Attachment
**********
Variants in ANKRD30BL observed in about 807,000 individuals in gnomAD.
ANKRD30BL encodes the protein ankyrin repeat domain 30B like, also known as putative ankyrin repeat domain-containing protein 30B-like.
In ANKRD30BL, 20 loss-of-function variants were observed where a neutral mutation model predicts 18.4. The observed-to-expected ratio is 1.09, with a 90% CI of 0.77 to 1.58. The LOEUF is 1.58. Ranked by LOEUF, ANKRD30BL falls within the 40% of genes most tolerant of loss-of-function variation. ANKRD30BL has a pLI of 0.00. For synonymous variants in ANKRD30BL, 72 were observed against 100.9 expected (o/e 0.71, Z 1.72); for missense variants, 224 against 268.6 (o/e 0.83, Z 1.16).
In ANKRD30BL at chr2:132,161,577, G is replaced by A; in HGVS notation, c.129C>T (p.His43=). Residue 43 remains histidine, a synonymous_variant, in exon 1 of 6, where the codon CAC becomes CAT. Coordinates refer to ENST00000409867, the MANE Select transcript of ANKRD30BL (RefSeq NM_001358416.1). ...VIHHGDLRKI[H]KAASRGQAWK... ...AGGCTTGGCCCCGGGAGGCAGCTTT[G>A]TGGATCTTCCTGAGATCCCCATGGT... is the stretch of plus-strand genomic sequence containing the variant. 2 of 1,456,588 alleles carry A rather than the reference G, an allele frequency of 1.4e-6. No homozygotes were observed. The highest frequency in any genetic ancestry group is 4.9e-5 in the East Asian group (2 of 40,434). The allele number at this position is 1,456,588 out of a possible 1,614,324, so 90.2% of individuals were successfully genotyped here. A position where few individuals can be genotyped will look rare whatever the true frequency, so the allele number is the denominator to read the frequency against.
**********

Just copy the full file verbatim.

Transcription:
Variants in ANKRD30BL observed in about 807,000 individuals in gnomAD.
ANKRD30BL encodes the protein ankyrin repeat domain 30B like, also known as putative ankyrin repeat domain-containing protein 30B-like.
In ANKRD30BL, 20 loss-of-function variants were observed where a neutral mutation model predicts 18.4. The observed-to-expected ratio is 1.09, with a 90% CI of 0.77 to 1.58. The LOEUF is 1.58. Ranked by LOEUF, ANKRD30BL falls within the 40% of genes most tolerant of loss-of-function variation. ANKRD30BL has a pLI of 0.00. For synonymous variants in ANKRD30BL, 72 were observed against 100.9 expected (o/e 0.71, Z 1.72); for missense variants, 224 against 268.6 (o/e 0.83, Z 1.16).
In ANKRD30BL at chr2:132,161,577, G is replaced by A; in HGVS notation, c.129C>T (p.His43=). Residue 43 remains histidine, a synonymous_variant, in exon 1 of 6, where the codon CAC becomes CAT. Coordinates refer to ENST00000409867, the MANE Select transcript of ANKRD30BL (RefSeq NM_001358416.1). ...VIHHGDLRKI[H]KAASRGQAWK... ...AGGCTTGGCCCCGGGAGGCAGCTTT[G>A]TGGATCTTCCTGAGATCCCCATGGT... is the stretch of plus-strand genomic sequence containing the variant. 2 of 1,456,588 alleles carry A rather than the reference G, an allele frequency of 1.4e-6. No homozygotes were observed. The highest frequency in any genetic ancestry group is 4.9e-5 in the East Asian group (2 of 40,434). The allele number at this position is 1,456,588 out of a possible 1,614,324, so 90.2% of individuals were successfully genotyped here. A position where few individuals can be genotyped will look rare whatever the true frequency, so the allele number is the denominator to read the frequency against.